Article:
In order to delve deeper into the grueling circumstances of a refugee, the Residence Hall Student Association (RHSA) hosted “Return to Sender: Journey of a Refugee” on Feb. 21 in the Humanities building within classrooms. This interactive program placed participants into experiences of a refugee in an effort to learn more about the challenges they face. With each room’s task also came more insight, empathy and compassion into the life of a refugee or immigrant.
The four-part program began with “Family Movie Night” in a room filled with household and personal items. A few minutes into the movie, participants were told they had 15 seconds to grab whatever they could. Some grabbed passports, others grabbed clothes, but they all shared the same goal in taking whatever they needed to survive.
One simulation consisted of a privilege exercise which made attendants throw paper balls into a can depending on the given task. Each participant was given a certain disability that made their chances of completing the task at hand more difficult. With their less dominant hand, their eyes closed, or facing backwards, participants had to throw paper into the garbage stationed in the center of the room in order to embody the disadvantages and lack of privilege refugees face.
Another one of the adversities facing refugees are language barriers.
As participants entered another room, RHSA members began giving directions in Spanish, which caused confusion for many. Students had to compete to build the tallest tower using three pieces of paper, tape and scissors with all directions and announcements made in Spanish. This highlighted how a refugee’s entry into a different country will require the lengthy and overwhelming process of learning a new language.
Towards the end of the program, there was a reflective informational discussion, where attendees expressed just how frazzled, incompetent, and frustrated they felt during the simulations, and how that harbored feelings of understanding.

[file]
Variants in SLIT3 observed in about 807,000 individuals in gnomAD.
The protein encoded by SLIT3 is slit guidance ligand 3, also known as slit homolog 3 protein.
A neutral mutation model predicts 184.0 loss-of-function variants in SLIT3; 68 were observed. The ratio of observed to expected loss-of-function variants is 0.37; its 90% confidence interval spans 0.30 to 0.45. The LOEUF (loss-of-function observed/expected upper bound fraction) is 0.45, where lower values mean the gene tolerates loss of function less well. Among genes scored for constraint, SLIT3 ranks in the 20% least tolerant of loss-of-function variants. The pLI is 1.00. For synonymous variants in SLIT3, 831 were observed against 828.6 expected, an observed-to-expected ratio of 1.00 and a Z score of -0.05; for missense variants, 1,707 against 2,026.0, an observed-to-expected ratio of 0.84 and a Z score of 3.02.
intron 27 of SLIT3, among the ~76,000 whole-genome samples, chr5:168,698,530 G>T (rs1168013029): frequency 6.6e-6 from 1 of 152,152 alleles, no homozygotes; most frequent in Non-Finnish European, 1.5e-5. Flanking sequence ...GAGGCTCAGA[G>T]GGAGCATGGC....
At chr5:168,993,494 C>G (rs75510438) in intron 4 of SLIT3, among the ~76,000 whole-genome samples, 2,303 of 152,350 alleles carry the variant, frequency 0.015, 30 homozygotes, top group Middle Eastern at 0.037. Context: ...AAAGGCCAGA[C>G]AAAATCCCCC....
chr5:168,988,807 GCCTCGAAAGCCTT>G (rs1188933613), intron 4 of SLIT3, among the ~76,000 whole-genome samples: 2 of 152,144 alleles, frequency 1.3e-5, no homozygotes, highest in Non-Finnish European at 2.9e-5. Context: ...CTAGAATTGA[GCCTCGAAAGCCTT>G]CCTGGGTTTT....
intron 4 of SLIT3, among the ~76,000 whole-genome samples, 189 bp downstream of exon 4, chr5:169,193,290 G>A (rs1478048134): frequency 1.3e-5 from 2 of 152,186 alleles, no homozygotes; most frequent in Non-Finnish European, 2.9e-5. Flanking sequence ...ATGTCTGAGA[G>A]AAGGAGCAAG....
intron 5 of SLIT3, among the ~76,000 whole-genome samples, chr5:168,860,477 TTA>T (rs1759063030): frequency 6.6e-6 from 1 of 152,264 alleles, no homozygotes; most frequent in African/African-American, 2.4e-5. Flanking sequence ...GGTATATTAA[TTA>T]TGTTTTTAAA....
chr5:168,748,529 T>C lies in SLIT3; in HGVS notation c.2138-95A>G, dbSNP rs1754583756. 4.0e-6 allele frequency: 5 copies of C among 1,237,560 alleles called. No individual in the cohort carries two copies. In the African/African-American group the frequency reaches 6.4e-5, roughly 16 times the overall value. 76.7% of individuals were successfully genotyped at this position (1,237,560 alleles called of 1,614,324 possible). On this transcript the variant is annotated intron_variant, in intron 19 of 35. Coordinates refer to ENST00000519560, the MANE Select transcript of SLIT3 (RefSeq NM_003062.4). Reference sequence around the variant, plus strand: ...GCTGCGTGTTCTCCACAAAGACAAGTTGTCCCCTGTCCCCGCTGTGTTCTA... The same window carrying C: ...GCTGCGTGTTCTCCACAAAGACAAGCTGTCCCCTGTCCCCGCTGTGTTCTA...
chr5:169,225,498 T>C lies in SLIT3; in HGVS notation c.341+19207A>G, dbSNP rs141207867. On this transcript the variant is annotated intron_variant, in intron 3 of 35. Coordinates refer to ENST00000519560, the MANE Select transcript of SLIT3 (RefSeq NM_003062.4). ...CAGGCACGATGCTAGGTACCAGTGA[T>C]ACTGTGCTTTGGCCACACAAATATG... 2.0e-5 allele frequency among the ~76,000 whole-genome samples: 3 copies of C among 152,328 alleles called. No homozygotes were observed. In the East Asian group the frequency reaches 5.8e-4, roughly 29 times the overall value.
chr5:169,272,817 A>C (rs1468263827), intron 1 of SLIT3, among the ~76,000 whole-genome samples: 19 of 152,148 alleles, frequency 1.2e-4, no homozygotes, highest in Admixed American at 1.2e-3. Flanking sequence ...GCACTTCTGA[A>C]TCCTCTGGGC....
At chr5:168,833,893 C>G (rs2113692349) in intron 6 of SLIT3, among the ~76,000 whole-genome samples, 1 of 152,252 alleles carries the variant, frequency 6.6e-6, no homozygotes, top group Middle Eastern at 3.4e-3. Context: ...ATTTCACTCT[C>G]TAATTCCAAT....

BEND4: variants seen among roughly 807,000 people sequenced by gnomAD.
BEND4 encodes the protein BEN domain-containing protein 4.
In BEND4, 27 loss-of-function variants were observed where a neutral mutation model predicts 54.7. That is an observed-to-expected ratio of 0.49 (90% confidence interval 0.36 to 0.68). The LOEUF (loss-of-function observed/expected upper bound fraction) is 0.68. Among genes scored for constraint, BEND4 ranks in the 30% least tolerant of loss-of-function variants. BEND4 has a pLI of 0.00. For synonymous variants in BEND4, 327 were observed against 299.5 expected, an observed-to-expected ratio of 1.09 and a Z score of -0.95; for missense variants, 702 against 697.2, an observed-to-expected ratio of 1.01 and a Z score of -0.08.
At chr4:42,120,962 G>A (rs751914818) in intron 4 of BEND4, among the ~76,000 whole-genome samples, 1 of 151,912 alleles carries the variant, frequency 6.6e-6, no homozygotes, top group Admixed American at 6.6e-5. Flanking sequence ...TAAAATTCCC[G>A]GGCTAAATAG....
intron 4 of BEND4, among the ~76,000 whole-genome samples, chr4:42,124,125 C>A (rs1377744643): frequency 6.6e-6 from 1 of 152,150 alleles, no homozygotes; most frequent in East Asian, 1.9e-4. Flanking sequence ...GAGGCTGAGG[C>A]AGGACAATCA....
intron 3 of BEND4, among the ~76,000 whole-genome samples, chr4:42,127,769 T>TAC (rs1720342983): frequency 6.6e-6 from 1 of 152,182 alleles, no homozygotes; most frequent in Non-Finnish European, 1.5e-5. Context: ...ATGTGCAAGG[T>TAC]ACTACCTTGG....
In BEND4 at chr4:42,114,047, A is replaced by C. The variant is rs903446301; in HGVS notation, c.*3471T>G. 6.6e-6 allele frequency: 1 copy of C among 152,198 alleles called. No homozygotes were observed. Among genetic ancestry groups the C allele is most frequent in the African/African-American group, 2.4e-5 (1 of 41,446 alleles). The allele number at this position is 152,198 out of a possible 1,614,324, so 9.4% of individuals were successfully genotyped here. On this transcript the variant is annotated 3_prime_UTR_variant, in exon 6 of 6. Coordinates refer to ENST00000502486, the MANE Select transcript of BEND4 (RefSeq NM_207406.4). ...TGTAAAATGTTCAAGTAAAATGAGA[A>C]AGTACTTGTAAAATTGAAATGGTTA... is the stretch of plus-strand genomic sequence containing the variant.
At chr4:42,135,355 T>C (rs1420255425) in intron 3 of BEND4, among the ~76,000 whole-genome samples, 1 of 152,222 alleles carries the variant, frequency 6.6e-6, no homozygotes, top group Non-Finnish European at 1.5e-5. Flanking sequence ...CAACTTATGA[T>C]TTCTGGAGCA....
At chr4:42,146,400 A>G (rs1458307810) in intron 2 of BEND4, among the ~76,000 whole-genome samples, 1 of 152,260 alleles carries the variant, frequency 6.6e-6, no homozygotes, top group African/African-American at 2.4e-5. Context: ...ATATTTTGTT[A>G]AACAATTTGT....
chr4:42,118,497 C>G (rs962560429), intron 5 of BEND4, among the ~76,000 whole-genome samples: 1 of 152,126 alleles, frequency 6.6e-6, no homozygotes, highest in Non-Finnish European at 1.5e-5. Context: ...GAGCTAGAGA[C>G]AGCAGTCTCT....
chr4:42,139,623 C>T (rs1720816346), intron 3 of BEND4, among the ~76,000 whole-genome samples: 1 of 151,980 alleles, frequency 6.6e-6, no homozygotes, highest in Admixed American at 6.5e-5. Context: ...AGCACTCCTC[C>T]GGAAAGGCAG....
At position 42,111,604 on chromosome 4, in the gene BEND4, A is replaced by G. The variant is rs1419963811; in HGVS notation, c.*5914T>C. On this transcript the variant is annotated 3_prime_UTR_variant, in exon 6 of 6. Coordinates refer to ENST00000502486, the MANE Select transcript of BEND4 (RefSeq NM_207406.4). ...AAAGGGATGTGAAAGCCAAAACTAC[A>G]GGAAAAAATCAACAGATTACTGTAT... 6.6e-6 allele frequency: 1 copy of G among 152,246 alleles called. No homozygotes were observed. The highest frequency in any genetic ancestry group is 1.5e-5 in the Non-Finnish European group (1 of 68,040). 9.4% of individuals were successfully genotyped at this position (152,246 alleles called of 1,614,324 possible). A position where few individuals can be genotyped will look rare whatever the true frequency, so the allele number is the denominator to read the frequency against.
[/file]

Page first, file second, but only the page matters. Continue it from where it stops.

“The parts of the program that were real life situations were very eye-opening and stressful,” said second-year psychology major Noah Diamond. “It made me really grateful for what I have.”
The program is new to New Paltz, but “Return to “Sender: Journey of a Refugee” originated at the University of California at San Jose and won the National Award for Diversity Programming.
Third-year political science and psychology major and President of the RHSA, Elee Wolf-Sonkin came across the program while scrolling through programs a part of the National Affiliations of College and University Residence Halls, and RHSA collectively decided to bring the event here as well.
“We like this program in particular because we think not only having the conversation about these issues is important, but exposing people to these issues in this way helps to make them hyper aware of what it means to be a refugee,” Wolf-Sonkin said. “This way they are able to have a prepared discussion and really open their minds.”
As a student, you can help.
If you’d like to learn more about how you can help refugees and immigrants the Mohawk Valley Resource Center for Refugees is a great place to start. Their programs prioritize creating an inclusive community and providing services for all vulnerable populations.